Fireworks Safety

Celebrating Safely

We’re coming up on a fun holiday weekend and it wouldn’t feel like Independence Day without a few loud, colorful fireworks. If you’re planning on firing them at home, know this: Fireworks can be dangerous.

Every year parents and children alike look forward to lighting fireworks and enjoying the fun colored sparks and sounds. Sparklers in particular are a favorite. Did you know that sparklers burn at 2000 degrees? That’s hot enough to melt some metals. Stepping on a discarded sparkler while barefoot can cause significant burns. A good first rule for fireworks safety, always wear shoes!

Here are additional tips for having a safe fireworks display

Fireworks are not toys so only adults should handle them. Most fireworks injuries happen to children. Having an adult present is an important part of making sure everyone stays safe, even with teenagers. When children are around, always designate an adult to watch the kids, to be sure they don’t wander near the lighting of devices.

Be sure to have water and a fire extinguisher close by. Fireworks have a tendency to shower sparks all over and the slightest breeze can carry an ember. You can assure that the flame is completely out by dousing the exploded device in water. Fireworks were the cause of an estimated 19,500 fires in 2018 which included structural damage and vehicle fires.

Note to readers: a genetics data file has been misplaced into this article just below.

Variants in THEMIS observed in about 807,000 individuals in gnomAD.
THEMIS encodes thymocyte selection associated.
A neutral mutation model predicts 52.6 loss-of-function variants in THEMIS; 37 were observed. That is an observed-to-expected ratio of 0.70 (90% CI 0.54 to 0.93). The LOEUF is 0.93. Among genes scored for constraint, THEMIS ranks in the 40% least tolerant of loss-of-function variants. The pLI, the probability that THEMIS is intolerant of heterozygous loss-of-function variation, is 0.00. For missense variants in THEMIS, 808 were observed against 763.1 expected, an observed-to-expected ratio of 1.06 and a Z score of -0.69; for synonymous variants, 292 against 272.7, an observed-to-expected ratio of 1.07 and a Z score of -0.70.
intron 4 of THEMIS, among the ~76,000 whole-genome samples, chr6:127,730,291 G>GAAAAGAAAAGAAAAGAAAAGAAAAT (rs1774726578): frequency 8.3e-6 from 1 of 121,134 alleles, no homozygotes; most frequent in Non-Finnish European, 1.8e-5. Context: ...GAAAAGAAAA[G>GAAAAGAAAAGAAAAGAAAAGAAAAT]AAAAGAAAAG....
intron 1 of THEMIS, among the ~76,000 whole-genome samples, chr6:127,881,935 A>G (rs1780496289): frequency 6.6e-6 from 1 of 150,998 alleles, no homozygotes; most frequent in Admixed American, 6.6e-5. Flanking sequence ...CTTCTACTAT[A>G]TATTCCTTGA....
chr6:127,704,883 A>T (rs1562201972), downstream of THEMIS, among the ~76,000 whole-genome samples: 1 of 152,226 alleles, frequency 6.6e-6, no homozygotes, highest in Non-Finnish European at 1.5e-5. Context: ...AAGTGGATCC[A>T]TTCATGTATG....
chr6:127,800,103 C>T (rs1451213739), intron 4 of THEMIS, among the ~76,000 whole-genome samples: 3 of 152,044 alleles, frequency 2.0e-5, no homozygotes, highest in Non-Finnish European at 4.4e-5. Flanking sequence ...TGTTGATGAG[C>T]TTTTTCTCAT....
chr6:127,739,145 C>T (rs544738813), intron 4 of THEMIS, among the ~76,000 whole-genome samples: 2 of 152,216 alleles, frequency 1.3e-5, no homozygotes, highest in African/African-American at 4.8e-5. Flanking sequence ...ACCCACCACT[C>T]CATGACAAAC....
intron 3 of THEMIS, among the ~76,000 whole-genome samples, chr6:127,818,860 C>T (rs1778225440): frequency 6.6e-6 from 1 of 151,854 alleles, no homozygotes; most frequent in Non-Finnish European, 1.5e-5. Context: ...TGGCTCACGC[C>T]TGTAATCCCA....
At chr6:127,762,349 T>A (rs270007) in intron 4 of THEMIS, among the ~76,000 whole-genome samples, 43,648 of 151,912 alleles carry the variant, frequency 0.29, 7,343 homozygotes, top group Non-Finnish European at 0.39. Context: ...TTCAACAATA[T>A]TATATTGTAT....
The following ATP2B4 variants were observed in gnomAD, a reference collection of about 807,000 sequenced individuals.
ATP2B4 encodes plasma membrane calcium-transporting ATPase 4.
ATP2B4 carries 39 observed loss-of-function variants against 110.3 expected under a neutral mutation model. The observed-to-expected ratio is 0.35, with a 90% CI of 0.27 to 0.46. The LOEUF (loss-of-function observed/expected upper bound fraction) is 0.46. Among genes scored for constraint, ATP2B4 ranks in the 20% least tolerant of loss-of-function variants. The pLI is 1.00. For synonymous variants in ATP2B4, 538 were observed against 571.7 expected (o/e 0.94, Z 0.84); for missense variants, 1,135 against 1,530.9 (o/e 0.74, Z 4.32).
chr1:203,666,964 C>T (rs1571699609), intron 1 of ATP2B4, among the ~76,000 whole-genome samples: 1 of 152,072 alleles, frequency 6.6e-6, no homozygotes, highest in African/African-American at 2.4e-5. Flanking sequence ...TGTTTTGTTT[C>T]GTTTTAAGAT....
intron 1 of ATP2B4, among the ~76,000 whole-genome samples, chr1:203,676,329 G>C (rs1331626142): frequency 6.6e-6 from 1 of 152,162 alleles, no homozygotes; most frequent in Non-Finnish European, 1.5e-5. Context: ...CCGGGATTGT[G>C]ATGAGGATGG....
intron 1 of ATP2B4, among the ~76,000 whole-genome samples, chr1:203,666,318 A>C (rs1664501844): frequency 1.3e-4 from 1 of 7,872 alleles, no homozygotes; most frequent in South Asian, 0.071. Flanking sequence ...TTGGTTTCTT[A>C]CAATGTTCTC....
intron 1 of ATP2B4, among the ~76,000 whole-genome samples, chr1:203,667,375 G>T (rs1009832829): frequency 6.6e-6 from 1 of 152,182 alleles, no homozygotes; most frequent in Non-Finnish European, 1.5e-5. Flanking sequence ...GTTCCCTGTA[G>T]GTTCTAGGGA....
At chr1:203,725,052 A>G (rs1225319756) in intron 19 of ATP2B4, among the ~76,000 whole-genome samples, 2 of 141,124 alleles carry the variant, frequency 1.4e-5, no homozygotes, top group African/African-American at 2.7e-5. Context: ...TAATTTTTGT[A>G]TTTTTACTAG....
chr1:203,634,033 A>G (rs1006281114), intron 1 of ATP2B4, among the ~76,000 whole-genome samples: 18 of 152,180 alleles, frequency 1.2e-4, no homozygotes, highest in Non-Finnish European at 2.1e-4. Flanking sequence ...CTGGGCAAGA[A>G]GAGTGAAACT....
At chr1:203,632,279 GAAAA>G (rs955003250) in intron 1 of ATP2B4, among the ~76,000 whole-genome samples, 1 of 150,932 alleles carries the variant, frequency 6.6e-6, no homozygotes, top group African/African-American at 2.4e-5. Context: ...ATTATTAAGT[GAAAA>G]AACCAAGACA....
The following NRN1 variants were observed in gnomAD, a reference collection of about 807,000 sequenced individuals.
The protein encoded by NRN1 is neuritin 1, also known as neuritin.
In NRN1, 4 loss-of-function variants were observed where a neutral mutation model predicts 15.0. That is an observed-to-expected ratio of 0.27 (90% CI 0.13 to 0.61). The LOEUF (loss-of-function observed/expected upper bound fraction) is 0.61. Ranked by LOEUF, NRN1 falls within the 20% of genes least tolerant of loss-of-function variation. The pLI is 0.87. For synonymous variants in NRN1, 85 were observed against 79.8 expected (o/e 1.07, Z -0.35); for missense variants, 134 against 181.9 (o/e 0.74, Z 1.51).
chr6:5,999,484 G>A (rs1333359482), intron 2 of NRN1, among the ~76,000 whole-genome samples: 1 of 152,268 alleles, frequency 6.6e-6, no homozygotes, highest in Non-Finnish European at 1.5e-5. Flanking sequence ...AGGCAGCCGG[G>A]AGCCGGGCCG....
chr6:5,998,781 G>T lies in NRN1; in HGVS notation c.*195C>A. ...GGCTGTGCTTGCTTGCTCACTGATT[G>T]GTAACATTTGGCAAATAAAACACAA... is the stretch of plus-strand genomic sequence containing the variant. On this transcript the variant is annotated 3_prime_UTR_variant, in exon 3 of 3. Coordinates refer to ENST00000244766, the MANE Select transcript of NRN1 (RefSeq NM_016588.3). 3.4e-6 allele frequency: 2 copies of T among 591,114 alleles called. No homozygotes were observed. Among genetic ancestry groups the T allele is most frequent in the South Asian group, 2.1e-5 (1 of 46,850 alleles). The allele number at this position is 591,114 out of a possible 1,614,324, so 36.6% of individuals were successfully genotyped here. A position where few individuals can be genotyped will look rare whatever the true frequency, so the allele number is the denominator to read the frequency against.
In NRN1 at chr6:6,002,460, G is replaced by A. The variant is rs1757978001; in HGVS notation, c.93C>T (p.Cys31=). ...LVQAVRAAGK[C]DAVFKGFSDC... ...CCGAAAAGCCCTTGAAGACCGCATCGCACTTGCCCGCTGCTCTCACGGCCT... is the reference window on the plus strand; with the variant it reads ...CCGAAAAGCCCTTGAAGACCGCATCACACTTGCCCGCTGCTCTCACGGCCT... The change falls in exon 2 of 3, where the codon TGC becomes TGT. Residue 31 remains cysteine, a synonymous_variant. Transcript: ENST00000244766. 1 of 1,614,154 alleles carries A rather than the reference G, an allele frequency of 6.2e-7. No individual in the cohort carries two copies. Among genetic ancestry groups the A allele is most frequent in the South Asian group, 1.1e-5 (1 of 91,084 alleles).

Always be aware of who is lighting a device, which way the device is pointed, and that no other bystanders are close enough to be hit with sparks. Light the device on a flat surface to prevent falling over and be sure that the area is clear of brush or debris that could be accidentally ignited by sparks. Once the device is lit, stay back at least 12 feet or more.

Many local laws take into account the amount and range of sparks produced to help ensure that people and property can be protected. Always follow the laws and only purchase fireworks that are compliant with the laws in your area. Never buy or set off fireworks in brown paper. These are made for professional displays only.

Don’t experiment with the devices by lighting them in cans or twisting them together. Most of the injuries from fireworks happen because they were used in a way they were not designed for. In 2018 there were 9 deaths and 9100 injuries from fireworks in the United States.

If a firework doesn’t go off or fizzles out, do not attempt to re-ignite it. Instead, let it sit for 15 to 20 minutes and then douse it with water before disposing. The same goes for spent fireworks. Allow time for cooling then douse them with water.

Don’t store any leftover fireworks beyond the few days of the July 4th holiday. They can become unstable over time, making them a fire hazard when stored and an even bigger safety threat when used the following year.

Also, remember your pets. Many animals are frightened by the sound of fireworks. They become anxious and run off out of fear. Keep your pets in the house in an area that is relatively quiet for the duration of the celebration outside.

Over the years, people have become more aware of the hazards associated with fireworks and rules for setting them off have become more stringent. Still, each year there are reports of serious injuries and deaths due to the use, or misuse, of fireworks. By following the tips above, you’ll be able to enjoy the dazzling displays while remaining safe.